The kilogram is the legal (SI) unit of mass (symbol: kg).
The mass of the international prototype kilogram in platinum iridium deposited in 1889 at the International Bureau for Weights and Measures (BIPM, in Sèvres, Hauts-de-Seine), the French representative of which is the LNE (Laboratoire national d'essai et de métrologie). There are other national prototypes in other countries. The international standard kept in France bears the number 35.
After the measurement made in 1889, two others were made to compare the international prototype with the national prototypes of other countries and with references in 1946 and 1989. These measurements revealed a modification in the mass of around 30 micrograms with a dispersion in the measurements of the order of 100 micrograms.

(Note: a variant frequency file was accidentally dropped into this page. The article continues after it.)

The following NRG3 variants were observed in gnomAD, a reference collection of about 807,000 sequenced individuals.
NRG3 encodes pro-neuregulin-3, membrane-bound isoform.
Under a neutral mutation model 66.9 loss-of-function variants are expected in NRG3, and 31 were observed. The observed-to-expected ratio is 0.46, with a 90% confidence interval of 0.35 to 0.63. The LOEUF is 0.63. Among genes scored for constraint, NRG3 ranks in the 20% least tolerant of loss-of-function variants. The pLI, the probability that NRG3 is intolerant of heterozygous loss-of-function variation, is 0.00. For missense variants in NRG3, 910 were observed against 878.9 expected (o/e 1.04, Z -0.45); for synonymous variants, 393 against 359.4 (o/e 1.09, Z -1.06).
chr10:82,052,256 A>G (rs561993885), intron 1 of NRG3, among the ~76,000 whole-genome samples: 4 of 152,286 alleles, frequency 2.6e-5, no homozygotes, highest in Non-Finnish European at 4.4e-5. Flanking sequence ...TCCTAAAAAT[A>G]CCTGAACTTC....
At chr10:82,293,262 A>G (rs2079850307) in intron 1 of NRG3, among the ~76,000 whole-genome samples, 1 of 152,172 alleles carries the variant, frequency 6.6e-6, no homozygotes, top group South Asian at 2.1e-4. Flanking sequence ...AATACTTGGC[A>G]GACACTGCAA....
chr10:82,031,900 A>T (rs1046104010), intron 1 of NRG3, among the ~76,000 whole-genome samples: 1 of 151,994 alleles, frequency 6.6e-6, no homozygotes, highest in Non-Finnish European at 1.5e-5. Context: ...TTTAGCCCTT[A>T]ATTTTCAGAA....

It is considered that the accuracy is of the order of 5x10-8, which is a poor value for a standard unit. Another way of producing a standard mass is currently being sought. One approach is to dematerialise the reference (as in the case of the metre and the second) using a mechanical and electromagnetic device called a watt balance.